Ubuntu in education: Special issue of IRE explores the paradigm of ubuntu

3 March 2016
The place of ubuntu in education has been explored extensively in the 2016 special issue of the International Review of Education – Journal of Lifelong Learning (IRE).

Ubuntu is a philosophical paradigm that takes a collective rather than an individualistic approach to identity and meaning. The paradigm originates in southern Africa but is a part of many African belief systems. With ubuntu, the relationship between a person and her/his community is interdependent and mutually beneficial. Like many other indigenous belief systems, ubuntu serves as the foundation for an education imbued with morality.

This special issue of IRE emerged from the 59th annual conference of the Comparative and International Education Society (CIES), which was held in Washington D.C. from 8–13 March 2015. The theme of the conference was “Ubuntu! Imagining a humanist education globally”. This issue, guest edited by CIES president N’Dri Thérèse Assié-Lumumba, Birgit Brock-Utne and Joan Osa Oviawe, emerged from a panel session entitled “Re-centering education as a moral enterprise”. Following the conference, the guest editors invited participants in the session to contribute to a special issue of IRE.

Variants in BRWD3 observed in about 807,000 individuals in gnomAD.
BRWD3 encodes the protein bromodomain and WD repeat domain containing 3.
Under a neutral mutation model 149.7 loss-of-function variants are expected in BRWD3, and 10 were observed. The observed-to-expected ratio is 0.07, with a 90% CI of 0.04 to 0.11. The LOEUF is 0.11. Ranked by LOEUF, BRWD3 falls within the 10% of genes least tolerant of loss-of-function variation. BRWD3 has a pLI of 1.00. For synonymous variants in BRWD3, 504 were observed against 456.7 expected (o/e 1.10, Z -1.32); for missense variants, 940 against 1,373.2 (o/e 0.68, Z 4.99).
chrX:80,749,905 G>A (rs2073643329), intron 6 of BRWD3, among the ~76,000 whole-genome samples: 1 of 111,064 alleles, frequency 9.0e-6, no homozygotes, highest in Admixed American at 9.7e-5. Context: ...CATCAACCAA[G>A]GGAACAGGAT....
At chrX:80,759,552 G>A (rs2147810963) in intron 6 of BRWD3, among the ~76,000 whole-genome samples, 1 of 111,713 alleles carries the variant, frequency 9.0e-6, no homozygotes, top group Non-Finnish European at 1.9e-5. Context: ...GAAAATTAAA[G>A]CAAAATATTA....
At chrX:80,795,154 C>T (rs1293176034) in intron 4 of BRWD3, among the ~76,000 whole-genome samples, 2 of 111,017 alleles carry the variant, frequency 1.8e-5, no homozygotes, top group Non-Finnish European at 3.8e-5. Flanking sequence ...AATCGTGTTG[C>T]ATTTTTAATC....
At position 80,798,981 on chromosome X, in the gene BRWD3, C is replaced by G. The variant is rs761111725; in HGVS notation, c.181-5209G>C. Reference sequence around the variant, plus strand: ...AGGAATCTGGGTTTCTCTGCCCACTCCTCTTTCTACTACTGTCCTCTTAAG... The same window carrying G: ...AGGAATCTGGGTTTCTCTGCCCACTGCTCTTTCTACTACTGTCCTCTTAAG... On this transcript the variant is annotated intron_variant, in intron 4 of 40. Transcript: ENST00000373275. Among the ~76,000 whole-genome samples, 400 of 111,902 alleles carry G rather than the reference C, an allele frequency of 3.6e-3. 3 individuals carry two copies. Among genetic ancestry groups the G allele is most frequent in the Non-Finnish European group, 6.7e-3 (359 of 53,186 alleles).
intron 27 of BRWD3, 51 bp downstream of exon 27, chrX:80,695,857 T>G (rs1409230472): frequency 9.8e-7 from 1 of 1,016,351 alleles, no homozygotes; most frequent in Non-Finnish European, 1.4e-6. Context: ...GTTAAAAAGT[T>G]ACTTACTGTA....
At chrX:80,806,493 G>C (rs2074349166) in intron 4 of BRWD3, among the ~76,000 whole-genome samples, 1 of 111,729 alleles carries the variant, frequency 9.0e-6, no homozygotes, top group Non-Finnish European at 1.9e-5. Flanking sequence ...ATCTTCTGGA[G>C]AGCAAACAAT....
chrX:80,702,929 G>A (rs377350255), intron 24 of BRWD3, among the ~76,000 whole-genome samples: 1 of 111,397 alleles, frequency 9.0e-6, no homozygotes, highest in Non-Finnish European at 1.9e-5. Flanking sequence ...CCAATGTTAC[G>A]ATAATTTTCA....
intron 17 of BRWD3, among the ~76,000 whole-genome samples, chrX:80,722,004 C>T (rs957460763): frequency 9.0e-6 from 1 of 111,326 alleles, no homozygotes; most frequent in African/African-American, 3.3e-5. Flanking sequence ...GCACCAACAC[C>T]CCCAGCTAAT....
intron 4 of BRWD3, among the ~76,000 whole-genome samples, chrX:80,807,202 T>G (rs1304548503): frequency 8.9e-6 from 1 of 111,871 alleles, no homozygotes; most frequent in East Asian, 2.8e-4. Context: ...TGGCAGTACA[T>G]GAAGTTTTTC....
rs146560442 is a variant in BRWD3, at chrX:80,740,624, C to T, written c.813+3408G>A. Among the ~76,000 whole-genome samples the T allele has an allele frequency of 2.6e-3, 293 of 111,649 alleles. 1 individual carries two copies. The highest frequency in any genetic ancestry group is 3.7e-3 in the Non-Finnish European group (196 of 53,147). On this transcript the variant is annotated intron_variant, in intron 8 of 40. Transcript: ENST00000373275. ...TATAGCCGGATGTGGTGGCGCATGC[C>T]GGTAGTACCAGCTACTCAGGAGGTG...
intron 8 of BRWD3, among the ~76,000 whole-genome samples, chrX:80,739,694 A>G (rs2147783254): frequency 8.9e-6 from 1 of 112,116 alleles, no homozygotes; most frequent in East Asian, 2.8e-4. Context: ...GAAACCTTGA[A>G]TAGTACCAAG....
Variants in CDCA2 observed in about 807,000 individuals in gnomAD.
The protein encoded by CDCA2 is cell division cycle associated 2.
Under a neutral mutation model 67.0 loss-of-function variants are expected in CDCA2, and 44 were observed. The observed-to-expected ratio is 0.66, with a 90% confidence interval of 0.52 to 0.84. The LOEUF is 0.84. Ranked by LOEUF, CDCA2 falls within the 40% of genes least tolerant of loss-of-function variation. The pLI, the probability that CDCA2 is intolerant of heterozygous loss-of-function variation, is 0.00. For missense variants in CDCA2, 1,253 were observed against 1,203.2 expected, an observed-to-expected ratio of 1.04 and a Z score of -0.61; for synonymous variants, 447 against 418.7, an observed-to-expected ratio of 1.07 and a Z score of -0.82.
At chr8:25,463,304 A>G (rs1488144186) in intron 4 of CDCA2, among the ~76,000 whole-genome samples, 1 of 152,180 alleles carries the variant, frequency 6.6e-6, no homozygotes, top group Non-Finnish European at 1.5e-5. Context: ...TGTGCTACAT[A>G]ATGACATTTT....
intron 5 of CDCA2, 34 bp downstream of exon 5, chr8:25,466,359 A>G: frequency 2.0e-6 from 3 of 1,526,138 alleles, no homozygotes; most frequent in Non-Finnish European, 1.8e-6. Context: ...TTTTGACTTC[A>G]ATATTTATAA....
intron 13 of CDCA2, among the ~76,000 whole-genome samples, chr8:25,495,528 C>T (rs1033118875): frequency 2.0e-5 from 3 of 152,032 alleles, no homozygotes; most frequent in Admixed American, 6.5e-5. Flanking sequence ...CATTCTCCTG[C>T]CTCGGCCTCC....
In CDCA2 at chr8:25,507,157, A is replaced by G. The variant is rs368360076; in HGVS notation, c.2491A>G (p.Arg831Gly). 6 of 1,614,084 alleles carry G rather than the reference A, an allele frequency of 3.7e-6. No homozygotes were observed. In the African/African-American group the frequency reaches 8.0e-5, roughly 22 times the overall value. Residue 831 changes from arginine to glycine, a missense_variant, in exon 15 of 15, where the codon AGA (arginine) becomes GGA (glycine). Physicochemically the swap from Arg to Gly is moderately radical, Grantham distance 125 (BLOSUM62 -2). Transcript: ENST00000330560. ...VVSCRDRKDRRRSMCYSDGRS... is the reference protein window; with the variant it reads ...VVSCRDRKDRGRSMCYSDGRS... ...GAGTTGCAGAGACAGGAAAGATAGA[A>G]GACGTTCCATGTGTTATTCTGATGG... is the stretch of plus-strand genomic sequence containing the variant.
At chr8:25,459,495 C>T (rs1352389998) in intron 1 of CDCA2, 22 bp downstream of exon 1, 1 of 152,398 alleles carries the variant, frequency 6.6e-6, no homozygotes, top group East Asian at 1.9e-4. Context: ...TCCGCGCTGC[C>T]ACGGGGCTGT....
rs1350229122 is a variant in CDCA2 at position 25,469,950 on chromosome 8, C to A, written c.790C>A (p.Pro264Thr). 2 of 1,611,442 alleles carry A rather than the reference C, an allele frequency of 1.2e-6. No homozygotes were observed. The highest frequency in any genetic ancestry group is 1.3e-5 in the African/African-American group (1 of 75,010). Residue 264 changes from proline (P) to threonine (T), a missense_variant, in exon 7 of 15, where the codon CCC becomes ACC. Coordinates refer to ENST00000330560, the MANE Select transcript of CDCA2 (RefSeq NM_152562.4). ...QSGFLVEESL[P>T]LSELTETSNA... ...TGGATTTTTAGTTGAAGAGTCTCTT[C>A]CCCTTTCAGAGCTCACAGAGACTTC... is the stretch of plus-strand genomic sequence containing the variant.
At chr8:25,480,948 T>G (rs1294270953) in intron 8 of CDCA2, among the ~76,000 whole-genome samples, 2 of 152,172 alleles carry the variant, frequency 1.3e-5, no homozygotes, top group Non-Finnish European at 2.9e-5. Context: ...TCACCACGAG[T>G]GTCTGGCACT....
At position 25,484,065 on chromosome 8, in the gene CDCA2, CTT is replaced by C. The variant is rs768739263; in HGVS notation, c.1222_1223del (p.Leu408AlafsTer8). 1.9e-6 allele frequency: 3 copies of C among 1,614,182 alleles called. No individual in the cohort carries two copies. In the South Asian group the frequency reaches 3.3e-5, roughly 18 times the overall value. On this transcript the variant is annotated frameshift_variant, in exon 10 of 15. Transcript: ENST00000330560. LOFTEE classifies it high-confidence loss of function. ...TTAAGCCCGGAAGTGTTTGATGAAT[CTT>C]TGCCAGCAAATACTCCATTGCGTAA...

This special issue, which holistically covers the place of ubuntu in education, will be launched on 9 March at the 60th CIES Conference in Vancouver. Springer, the publisher of IRE has made an electronic copy of the issue freely available for the duration of the conference (5–10 March 2016).

The place of ubuntu in education has been explored extensively in the 2016 special issue of the International Review of Education – Journal of Lifelong Learning (IRE).

Case studies

Related Document

Related Content